[cryptography] Complying with GPL V3 (Tivoization)

Benjamin Kreuter brk7bx at virginia.edu
Mon Jan 9 17:26:20 EST 2012

On Sun, 8 Jan 2012 22:46:13 -0500
Jeffrey Walton <noloader at gmail.com> wrote:

> Hi All,
> I was reading on CyanogenMod (a custom ROM project for Android) and
> "The story behind the mysterious CyanogenMod update"
> (http://lwn.net/Articles/448134/).
> Interestingly, it seems some privaye keys were circulated to comply
> with GPL V3 with some nasty side effects (could anything else be
> expected?).

My understanding is that this is not necessary for GPLv3 compliance,
as the license does not require the disclosure of private keys (which
would undermine the entire package signing system used by GNU/Linux
distributions) but instead requires that people be allowed to modify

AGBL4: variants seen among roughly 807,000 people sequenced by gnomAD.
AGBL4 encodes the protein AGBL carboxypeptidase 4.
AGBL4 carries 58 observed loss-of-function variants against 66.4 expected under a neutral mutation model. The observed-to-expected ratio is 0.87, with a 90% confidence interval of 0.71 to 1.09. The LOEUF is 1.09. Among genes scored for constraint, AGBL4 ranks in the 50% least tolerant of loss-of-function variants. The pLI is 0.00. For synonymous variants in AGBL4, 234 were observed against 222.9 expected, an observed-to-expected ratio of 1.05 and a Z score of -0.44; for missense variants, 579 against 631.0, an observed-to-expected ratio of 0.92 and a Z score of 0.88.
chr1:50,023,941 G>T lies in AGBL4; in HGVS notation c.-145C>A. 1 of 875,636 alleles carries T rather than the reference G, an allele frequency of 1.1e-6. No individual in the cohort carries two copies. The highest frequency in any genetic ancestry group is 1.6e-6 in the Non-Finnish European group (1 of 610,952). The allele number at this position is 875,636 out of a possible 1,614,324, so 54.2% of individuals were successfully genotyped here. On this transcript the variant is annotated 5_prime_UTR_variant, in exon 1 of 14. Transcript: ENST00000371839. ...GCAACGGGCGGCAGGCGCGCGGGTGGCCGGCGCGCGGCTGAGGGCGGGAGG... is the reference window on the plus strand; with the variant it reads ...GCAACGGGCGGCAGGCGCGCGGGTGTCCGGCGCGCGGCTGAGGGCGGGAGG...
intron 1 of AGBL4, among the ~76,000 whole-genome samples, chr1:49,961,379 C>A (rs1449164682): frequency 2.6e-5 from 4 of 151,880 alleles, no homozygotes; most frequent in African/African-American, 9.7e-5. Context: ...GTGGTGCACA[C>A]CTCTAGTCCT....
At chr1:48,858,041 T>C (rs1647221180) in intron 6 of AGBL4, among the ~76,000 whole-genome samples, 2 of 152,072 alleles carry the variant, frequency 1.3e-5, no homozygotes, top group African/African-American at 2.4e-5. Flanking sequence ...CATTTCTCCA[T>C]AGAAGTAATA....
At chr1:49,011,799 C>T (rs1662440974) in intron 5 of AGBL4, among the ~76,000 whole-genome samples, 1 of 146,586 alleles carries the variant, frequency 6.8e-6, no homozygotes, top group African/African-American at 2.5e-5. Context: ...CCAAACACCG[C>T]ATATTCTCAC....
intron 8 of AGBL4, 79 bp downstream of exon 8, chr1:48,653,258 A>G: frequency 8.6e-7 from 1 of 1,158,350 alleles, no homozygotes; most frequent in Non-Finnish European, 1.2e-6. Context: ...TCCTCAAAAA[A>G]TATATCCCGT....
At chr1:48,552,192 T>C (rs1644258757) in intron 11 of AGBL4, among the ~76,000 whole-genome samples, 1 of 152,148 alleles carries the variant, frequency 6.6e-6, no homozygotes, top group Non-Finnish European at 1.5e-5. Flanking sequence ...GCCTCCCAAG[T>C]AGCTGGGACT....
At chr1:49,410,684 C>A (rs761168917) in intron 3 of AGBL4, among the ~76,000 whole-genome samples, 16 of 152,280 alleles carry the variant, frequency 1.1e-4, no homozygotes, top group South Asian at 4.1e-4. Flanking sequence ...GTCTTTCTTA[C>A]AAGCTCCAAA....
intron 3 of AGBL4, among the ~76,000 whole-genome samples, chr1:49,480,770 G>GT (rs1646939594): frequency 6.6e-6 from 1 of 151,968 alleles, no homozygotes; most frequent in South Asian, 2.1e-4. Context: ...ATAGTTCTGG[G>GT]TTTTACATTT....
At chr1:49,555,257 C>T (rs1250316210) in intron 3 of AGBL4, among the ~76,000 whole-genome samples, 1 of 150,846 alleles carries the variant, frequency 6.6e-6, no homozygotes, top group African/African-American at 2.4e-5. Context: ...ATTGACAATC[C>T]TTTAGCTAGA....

the software configuration of the system.  That could mean allowing
unsigned software to be installed or allowing a user to add their own
public keys to their system.

> Some interesting points were brought up, including how to
> comply with GPL V3.

Someone else made the same point that I made above:  there is nothing
in the GPLv3 that requires the release of private keys.  It only
requires that users be allowed to install, modify, or remove software.  

> Is anyone aware of papers on integrity/signature schemes or protocols
> tailored for GPL V3? Or does this reduce to (1) allow the
> hardware/firmware to load additional [trusted] public keys; or (2)
> provide the private key for the hardware?

Like I said, you can allow users to add additional trusted keys to the
system, or you can allow users to run unsigned code.  The only
situation that would necessitate publishing a private key would be if
the hardware itself refused to run code that was not signed by a
single, fixed key -- and then GPLv3 compliance will be the least of
your problems.

-- Ben

> Jeff
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Benjamin R Kreuter
UVA Computer Science
brk7bx at virginia.edu


"If large numbers of people are interested in freedom of speech, there
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